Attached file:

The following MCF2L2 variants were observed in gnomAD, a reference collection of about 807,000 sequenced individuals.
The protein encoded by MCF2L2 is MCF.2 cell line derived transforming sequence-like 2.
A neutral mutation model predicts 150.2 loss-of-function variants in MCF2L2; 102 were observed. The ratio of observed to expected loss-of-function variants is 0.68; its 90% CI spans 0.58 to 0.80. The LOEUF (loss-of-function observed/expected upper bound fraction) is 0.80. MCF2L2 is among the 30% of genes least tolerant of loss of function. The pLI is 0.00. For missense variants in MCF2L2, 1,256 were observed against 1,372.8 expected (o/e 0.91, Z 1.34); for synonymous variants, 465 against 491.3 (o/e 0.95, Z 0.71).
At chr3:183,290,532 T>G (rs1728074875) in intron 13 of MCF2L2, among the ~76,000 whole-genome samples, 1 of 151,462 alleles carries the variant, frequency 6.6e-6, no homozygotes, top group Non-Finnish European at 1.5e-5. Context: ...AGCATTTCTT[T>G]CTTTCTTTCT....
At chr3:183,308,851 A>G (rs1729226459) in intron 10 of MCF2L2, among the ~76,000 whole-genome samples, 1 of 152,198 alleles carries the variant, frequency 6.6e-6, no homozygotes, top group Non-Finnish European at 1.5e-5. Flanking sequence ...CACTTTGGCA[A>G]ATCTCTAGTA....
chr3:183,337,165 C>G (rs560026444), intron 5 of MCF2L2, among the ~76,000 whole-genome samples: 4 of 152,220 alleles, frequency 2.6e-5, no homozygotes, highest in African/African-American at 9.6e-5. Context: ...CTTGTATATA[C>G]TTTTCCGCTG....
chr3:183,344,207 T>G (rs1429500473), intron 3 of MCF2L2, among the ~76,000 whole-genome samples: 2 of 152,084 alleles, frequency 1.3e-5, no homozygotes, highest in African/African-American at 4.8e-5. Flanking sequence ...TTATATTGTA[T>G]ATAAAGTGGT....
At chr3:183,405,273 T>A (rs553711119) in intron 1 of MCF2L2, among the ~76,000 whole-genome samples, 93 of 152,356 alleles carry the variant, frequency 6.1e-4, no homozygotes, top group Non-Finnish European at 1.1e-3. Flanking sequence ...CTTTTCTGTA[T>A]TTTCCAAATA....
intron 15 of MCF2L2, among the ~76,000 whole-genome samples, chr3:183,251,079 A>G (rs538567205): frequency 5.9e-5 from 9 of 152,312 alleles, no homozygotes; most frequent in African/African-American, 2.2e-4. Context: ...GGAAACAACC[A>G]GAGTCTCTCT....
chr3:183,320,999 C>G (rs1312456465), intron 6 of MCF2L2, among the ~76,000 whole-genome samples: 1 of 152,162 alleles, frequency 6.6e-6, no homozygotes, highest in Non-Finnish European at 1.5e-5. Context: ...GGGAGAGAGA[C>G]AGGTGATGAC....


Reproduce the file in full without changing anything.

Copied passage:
The following MCF2L2 variants were observed in gnomAD, a reference collection of about 807,000 sequenced individuals.
The protein encoded by MCF2L2 is MCF.2 cell line derived transforming sequence-like 2.
A neutral mutation model predicts 150.2 loss-of-function variants in MCF2L2; 102 were observed. The ratio of observed to expected loss-of-function variants is 0.68; its 90% CI spans 0.58 to 0.80. The LOEUF (loss-of-function observed/expected upper bound fraction) is 0.80. MCF2L2 is among the 30% of genes least tolerant of loss of function. The pLI is 0.00. For missense variants in MCF2L2, 1,256 were observed against 1,372.8 expected (o/e 0.91, Z 1.34); for synonymous variants, 465 against 491.3 (o/e 0.95, Z 0.71).
At chr3:183,290,532 T>G (rs1728074875) in intron 13 of MCF2L2, among the ~76,000 whole-genome samples, 1 of 151,462 alleles carries the variant, frequency 6.6e-6, no homozygotes, top group Non-Finnish European at 1.5e-5. Context: ...AGCATTTCTT[T>G]CTTTCTTTCT....
At chr3:183,308,851 A>G (rs1729226459) in intron 10 of MCF2L2, among the ~76,000 whole-genome samples, 1 of 152,198 alleles carries the variant, frequency 6.6e-6, no homozygotes, top group Non-Finnish European at 1.5e-5. Flanking sequence ...CACTTTGGCA[A>G]ATCTCTAGTA....
chr3:183,337,165 C>G (rs560026444), intron 5 of MCF2L2, among the ~76,000 whole-genome samples: 4 of 152,220 alleles, frequency 2.6e-5, no homozygotes, highest in African/African-American at 9.6e-5. Context: ...CTTGTATATA[C>G]TTTTCCGCTG....
chr3:183,344,207 T>G (rs1429500473), intron 3 of MCF2L2, among the ~76,000 whole-genome samples: 2 of 152,084 alleles, frequency 1.3e-5, no homozygotes, highest in African/African-American at 4.8e-5. Flanking sequence ...TTATATTGTA[T>G]ATAAAGTGGT....
At chr3:183,405,273 T>A (rs553711119) in intron 1 of MCF2L2, among the ~76,000 whole-genome samples, 93 of 152,356 alleles carry the variant, frequency 6.1e-4, no homozygotes, top group Non-Finnish European at 1.1e-3. Flanking sequence ...CTTTTCTGTA[T>A]TTTCCAAATA....
intron 15 of MCF2L2, among the ~76,000 whole-genome samples, chr3:183,251,079 A>G (rs538567205): frequency 5.9e-5 from 9 of 152,312 alleles, no homozygotes; most frequent in African/African-American, 2.2e-4. Context: ...GGAAACAACC[A>G]GAGTCTCTCT....
chr3:183,320,999 C>G (rs1312456465), intron 6 of MCF2L2, among the ~76,000 whole-genome samples: 1 of 152,162 alleles, frequency 6.6e-6, no homozygotes, highest in Non-Finnish European at 1.5e-5. Context: ...GGGAGAGAGA[C>G]AGGTGATGAC....